Posted by: Saving Water SA (Cape Town, South Africa) – partnered with Water Rhapsody conservation systems – 17 Aug 2011
Cape Town may be subjected to water restrictions this summer because August and September are likely to be drier than usual, a climate researcher has warned.
Peter Johnston, of UCT’s Climate Systems Analysis Group, said there was no need for desperate concern just yet – but this could change if no more winter rain fell.
Traditionally, the province’s dams are full in August and September. However, Johnston said, after the driest July in years, and with below average rainfall predicted for this and next month, water restrictions could become necessary.
The provincial government has urged farmers to store water for the summer months.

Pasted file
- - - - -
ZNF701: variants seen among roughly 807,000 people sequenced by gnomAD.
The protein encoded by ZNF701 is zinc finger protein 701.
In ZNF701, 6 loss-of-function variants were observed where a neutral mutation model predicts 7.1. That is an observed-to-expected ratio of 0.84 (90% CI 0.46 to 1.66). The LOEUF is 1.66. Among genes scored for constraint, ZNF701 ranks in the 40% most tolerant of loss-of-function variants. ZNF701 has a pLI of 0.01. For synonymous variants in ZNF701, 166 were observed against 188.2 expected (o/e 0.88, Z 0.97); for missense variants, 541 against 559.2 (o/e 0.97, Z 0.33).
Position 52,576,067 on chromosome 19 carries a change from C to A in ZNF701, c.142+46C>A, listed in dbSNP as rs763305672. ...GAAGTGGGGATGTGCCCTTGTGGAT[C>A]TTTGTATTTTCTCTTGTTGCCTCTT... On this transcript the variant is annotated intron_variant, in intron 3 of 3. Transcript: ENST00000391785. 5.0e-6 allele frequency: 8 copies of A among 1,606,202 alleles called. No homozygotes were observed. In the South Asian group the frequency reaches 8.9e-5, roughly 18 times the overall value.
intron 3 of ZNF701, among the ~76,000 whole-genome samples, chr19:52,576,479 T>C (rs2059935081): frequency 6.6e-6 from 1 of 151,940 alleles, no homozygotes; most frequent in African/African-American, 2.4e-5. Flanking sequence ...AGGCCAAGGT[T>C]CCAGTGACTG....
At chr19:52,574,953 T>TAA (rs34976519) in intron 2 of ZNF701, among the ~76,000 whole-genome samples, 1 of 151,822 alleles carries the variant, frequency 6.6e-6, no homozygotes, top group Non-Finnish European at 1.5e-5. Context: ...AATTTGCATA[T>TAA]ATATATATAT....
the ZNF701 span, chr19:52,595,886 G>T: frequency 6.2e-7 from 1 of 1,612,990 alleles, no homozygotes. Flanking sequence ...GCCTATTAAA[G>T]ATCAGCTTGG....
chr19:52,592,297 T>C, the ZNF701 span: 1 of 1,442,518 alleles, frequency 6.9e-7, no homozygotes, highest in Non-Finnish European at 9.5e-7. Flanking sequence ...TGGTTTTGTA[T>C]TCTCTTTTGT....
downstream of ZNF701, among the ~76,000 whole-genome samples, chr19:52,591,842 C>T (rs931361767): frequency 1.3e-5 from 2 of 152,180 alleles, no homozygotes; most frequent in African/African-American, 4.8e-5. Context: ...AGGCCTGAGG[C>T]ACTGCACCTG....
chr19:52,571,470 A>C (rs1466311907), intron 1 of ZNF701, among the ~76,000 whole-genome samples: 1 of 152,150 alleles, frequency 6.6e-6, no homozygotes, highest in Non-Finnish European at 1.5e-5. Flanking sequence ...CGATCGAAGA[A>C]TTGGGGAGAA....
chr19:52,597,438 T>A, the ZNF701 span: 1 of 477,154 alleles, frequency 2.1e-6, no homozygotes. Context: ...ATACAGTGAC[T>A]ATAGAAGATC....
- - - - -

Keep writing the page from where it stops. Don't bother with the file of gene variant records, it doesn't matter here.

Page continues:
Johnston’s colleague, Mark Tadross, said a high pressure system over the Atlantic Ocean was keeping storms away from the Western Cape. “We don’t know why (this is happening),” said Tadross. “Of concern is that the dams are well below what they should be (at) this time of the year.”
The regional manager for weather services in the Western and Northern Cape, Antarctica and islands, Johan Stander, said the forecast was dry for the next couple of months. “Because of climate change, adverse conditions will happen more frequently and storms will be more severe.”
Wouter Kriel, the spokesman for Agriculture, and Rural Development MEC Gerrit van Rensburg said:
“We are monitoring the rainfall, but there are no red flags yet. We are advising farmers to fill up their water storage facilities.”